July isn't the most glamorous month for new releases, but I did a little scavenging and found some very interesting titles. First I spotted Paul Greenberg's American Catch: The Fight for Our Local Seafood (Penguin Press). Greenberg's Four Fish made some waves, so to speak, and his appearance on Fresh Air this week definitely speared me in. His points were many, but most notably, why is it that most of the fish we catch in domestically is sent abroad, and most of the fish we eat is imported. Something seems to outweigh the transportation costs. And the results, especially with weak labeling laws, is that we're likely eating shrimp that's inadvertently the product of Thai slave labor. While much of the book focuses on salmon and shrimp, there are is also some progress, such as the oyster restoration project. Now if only we could get a taste for delicious zebra mussels, we'd be going somewhere.
Oh, how I remember the time of Sean Wilsey's Oh, The Glory of it All, a much-recommended memoir that we still stock at Boswell. Wilsey's had a lot of stuff going on since then, including editing State by State with Matt Weiland and The Thinking Fan's Guide to the World Cup, which I assume you are using as you guidebook these past few weeks. The new book, More Curious, is a collection of essays from GQ, McSweeney's (where he was once editor and is who now publishes this very book), Vanity Fair, The New York Times Magazine, and Fast Company. The subjects range widely, from the artistic underbelly of Marfa, Texas to Cape Canaveral's launchpad to John Updike. I should also note that the paper quality seems good and the line illustrations add a whimsical touch, like a copy of The New Yorker. My suggestion is to follow my policy with said magazine; buy a copy and then feel guilty about not having read enough of the essays; it will make everyone involved in the publishing process a little happier.
The Zhivago Affair: The Kremlin, the CIA, and the Battle Over a Forbidden Book (Pantheon), by Peter Finn and Petra Couvée, tell the story of Doctor Zhivago, starting with the Italian scout who, in 1956, spirited the manuscript out of the Soviet Union. Per the publisher, the story turns into the plot of a spy novel, which is why it makes sense that Finn is National Security Editor for The Washington Post. Couvée is a writer and translator and teaches at Saint Petersburg State University. Did you know the CIA smuggled a Russian edition of the book and smuggled it into the Soviet Union? Neither did I. Here's Ted Koppel's story on All Things Considered: "The Zhivago Affair...does a masterful job of putting flesh on the bare bones of a story that has been hinted at in the press for decades."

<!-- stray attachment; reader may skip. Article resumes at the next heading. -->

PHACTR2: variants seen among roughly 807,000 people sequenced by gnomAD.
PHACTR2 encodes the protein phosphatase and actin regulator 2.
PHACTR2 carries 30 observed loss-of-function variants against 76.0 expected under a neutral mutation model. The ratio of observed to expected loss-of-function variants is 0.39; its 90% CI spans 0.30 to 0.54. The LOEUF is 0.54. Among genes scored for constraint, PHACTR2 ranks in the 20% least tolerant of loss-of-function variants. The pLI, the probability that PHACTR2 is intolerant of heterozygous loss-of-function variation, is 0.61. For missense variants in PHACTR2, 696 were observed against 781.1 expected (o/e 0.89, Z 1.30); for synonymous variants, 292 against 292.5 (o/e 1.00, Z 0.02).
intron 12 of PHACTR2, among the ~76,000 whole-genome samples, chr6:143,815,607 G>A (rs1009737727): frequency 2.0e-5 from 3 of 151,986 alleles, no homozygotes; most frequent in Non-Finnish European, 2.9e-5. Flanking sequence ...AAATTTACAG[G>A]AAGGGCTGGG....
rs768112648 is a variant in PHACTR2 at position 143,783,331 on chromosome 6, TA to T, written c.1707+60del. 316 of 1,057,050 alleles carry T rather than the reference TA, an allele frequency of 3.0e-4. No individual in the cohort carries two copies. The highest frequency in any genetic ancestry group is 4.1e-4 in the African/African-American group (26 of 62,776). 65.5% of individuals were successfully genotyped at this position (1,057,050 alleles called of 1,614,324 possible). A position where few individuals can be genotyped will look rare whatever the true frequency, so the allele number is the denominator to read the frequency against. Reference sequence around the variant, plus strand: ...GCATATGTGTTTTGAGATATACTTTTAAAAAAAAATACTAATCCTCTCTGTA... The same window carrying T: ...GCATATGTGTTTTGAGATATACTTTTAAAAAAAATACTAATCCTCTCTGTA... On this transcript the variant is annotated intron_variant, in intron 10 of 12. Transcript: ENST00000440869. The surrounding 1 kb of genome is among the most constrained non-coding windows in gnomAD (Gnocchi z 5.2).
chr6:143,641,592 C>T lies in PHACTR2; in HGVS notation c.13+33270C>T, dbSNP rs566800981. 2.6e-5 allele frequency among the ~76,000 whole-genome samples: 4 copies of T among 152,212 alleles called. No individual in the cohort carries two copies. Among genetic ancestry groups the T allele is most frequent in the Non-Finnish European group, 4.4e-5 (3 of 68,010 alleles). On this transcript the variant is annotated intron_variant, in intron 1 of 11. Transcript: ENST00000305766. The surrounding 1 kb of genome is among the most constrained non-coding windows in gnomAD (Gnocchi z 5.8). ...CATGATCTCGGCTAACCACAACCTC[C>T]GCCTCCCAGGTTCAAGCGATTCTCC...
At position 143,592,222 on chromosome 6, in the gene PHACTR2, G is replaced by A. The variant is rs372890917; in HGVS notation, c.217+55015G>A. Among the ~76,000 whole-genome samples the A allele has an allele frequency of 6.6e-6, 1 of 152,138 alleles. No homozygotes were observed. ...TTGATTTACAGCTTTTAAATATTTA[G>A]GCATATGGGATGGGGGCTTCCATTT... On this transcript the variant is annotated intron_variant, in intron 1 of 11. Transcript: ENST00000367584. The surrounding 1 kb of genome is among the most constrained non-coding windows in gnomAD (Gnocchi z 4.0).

Matthew Stewart's Nature's God: The Heretical Origins of the American Republic (W.W. Norton) makes the claim that the radicals who fought for the American Revolution were branded "infidels" and "atheists" of their time. Per the publisher, "the ideas that inspired them were neither British nor Christian, but largely ancient, pagan, and continental: the fecund universe of the Roman poet and philosopher Lucretius, the potent (but non-transcendent) natural divinity of the Dutch heretic Benedict de Spinoza." on the blurbs page, Susan Jacoby calls this "a lively, powerful, and erudite refutation of the myth that the framers of our secular Constitution had any intention of founding an orthodox Christian nation." Wendy Smith in the Los Angeles Times concludes "It's become a conservative commonplace to argue that the Constitution
establishes freedom of religion, not freedom from religion, but
Stewart's eloquently argued book makes a strong case that freedom from
religion is precisely what America's founders had in mind." And I just want to note that this book is a very good deal--at $28.95 list price, this is a book that would normally be $35. It's over 500 pages!
On the other hand, Gordon Martel's The Month that Changed the World: July 1914 (Oxford) is $34.95, but it is very, very high quality paper. In fact, at about 100 pages less, it's a full two ounces heavier than Nature's God, which itself has a hefty feel. The 100th anniversary of Austrian Archduke Franz Ferdinand was June 28, and boy has there been a lot of media attention. Gordon Martel is considered a leading authority on war empire, and diplomacy in the modern age, having edited the five volume Encyclopedia of War. The Month that Changed the World devotes a chapter to each day of the infamous July crisis, making clear how little the conflict was in fact premeditated, preordained, or even predictable, to paraphrase the publisher. Publishers Weekly calls Martel's thesis "hard to argue with."
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